Tourists flock to Sagrada Familia - work in progress since 1882

Travel is motion, but in the unfamiliar city, I sought stillness.

I missed my family desperately. Christmas Day had passed, and I was alone in Spain. And so I looked for a sacred space. I hoped it would be the Sagrada Familia, one of the most famous churches in the world, the unfinished masterwork of Antoni Gaudi.

Could the symbols of God, maybe even the presence of God, quiet the chaos inside me? A brisk walk took me through the Catalan cold, the gray shuttered streets that promised colors come spring. The church towers imposed themselves on my view, four of them in front, four of them in back, rising like gigantic, skeletal missiles - or, since Gaudi was a vegetarian, let's say asparagus spears.

As I approached the Sagrada Familia, my first thought was not of spirituality but of fantasy. The look of the building is what I had in my mind's eye when I was a boy, reading "The Lord of the Rings," imagining the fortress at Helm's Deep, long before Peter Jackson made his films.

I waited in line to get in (it took about an hour), and I wondered what it would have been like to be Gaudi. He was a genius. He was pious and moralistic - stark raving mad, too.

Construction on the Sagrada Familia ("Sacred Family") began in 1882, and Gaudi, a devoted Catholic, became the architect of the project soon after. He must have suspected that, because of its scope and grandeur (it was cathedral-like, if not officially a cathedral), he would not live to see the church's completion.

The Sagrada Familia was Gaudi's obsession. He never married, never had a family. In his last years, he lived like a hermit in a studio next to the church. He let his hair and beard grow for months. He wore threadbare clothes and old slippers. He went from house to house, asking for donations to keep the project going. In June 1926, he was walking on the street and, like most eccentric architects, was probably paying more attention to design than to traffic.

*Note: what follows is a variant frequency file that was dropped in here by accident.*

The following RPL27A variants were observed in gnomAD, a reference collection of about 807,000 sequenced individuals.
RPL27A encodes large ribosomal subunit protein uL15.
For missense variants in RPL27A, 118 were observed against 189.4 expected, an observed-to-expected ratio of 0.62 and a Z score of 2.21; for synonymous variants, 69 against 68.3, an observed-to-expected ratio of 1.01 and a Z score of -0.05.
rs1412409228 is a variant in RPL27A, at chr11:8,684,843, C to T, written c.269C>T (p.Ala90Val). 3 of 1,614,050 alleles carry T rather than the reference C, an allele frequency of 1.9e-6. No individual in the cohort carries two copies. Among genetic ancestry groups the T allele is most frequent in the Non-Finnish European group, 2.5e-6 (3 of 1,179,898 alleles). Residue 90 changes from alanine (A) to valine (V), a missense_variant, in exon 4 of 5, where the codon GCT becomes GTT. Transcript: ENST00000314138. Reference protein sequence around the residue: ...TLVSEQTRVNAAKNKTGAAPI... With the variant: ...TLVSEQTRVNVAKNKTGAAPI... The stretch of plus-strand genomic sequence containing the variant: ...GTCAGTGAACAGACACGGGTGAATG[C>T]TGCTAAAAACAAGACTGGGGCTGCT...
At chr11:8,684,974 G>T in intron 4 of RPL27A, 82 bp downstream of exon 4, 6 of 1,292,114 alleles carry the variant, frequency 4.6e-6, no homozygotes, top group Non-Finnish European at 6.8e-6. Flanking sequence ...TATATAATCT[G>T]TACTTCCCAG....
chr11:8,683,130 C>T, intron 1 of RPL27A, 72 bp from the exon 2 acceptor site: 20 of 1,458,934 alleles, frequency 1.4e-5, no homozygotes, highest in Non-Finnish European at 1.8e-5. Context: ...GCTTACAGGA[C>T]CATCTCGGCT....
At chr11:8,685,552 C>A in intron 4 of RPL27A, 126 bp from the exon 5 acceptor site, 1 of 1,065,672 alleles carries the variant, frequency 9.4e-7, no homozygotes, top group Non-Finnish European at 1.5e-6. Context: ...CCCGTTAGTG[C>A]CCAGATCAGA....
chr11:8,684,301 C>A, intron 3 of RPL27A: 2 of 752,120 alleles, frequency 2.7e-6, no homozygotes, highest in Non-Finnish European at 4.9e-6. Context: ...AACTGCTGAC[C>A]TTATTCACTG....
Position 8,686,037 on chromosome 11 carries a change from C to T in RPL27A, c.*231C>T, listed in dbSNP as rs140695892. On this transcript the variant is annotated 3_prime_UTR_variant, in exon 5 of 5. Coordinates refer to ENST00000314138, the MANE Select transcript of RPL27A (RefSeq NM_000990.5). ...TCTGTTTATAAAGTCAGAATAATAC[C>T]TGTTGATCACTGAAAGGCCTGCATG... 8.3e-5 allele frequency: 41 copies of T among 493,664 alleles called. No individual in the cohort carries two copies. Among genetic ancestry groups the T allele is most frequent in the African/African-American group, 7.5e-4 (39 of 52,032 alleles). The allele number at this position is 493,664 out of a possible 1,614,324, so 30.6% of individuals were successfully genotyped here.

He was hit by a tram. He died a few days later.

In the church's expansive, parabolic space, I succumbed to insignificance. Sweeping stained-glass windows, designed by Joan Vila-Grau in the past decade, depicted the Resurrection. Treelike spiraling columns rose to touch the ceiling. They reminded me of bones, too, as if I were in a whale's rib cage. It was late in the day. The sun, filtered through windows, cast its light as flowers against high walls.

Wandering into the apse, I came upon Jesus on the cross but, strangely, he appeared to be falling from the sky, buoyed by a parachute, as if he had taken up parasailing.

I searched the ceiling and saw stars, shells, more flowers. Gaudi had grown up in rural Spain and loved the organic shapes found in nature: flowers, trees, branches, plants, vegetables. Nature, he said, was "the Great Book, always open, that we should force ourselves to read."

Dashed vision

But what I beheld here was not fully Gaudi's vision. Most of his plans were destroyed in 1936 during the Spanish Civil War, when anarchists blew up part of the church. A whole line of architects, artists and designers have added their own imprint to the church in the past 75 years.

This transmogrification of Gaudi's original vision will go on and on until the church is completed - some hope in 2026, the centenary of the genius's passing.

In the fading light outside the church, I studied Gaudi's Nativity scene, chronicled in sculpture on the temple walls.

A group of young people stepped out of the church and began to sing "Silent Night," and I stood there for a long time.

Travel is motion, but sometimes, as travel writer Pico Iyer once said, we need to find "a place where we can hold our breath and stop, and prepare for the time when conversation ends."